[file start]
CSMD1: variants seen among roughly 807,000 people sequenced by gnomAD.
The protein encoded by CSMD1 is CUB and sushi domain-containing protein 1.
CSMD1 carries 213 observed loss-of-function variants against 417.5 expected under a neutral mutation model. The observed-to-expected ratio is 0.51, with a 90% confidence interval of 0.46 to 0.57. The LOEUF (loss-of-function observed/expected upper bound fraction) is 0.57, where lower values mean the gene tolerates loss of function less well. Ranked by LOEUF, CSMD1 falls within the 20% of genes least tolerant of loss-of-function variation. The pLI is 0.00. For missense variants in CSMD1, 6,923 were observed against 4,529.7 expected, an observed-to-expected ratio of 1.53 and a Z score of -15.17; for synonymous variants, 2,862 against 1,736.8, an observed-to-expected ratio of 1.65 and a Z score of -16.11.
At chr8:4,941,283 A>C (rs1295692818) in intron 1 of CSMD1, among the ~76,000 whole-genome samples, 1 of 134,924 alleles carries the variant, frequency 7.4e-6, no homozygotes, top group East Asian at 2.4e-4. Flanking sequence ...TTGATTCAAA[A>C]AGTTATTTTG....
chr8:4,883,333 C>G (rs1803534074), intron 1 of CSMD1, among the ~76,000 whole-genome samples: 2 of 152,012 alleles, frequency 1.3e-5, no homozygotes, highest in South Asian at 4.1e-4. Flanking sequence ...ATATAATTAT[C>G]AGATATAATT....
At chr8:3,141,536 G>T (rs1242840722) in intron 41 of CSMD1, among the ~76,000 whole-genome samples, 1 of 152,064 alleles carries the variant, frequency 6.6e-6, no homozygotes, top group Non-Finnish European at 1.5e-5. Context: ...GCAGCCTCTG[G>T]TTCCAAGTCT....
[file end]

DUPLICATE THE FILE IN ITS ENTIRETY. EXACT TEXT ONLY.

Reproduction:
CSMD1: variants seen among roughly 807,000 people sequenced by gnomAD.
The protein encoded by CSMD1 is CUB and sushi domain-containing protein 1.
CSMD1 carries 213 observed loss-of-function variants against 417.5 expected under a neutral mutation model. The observed-to-expected ratio is 0.51, with a 90% confidence interval of 0.46 to 0.57. The LOEUF (loss-of-function observed/expected upper bound fraction) is 0.57, where lower values mean the gene tolerates loss of function less well. Ranked by LOEUF, CSMD1 falls within the 20% of genes least tolerant of loss-of-function variation. The pLI is 0.00. For missense variants in CSMD1, 6,923 were observed against 4,529.7 expected, an observed-to-expected ratio of 1.53 and a Z score of -15.17; for synonymous variants, 2,862 against 1,736.8, an observed-to-expected ratio of 1.65 and a Z score of -16.11.
At chr8:4,941,283 A>C (rs1295692818) in intron 1 of CSMD1, among the ~76,000 whole-genome samples, 1 of 134,924 alleles carries the variant, frequency 7.4e-6, no homozygotes, top group East Asian at 2.4e-4. Flanking sequence ...TTGATTCAAA[A>C]AGTTATTTTG....
chr8:4,883,333 C>G (rs1803534074), intron 1 of CSMD1, among the ~76,000 whole-genome samples: 2 of 152,012 alleles, frequency 1.3e-5, no homozygotes, highest in South Asian at 4.1e-4. Flanking sequence ...ATATAATTAT[C>G]AGATATAATT....
At chr8:3,141,536 G>T (rs1242840722) in intron 41 of CSMD1, among the ~76,000 whole-genome samples, 1 of 152,064 alleles carries the variant, frequency 6.6e-6, no homozygotes, top group Non-Finnish European at 1.5e-5. Context: ...GCAGCCTCTG[G>T]TTCCAAGTCT....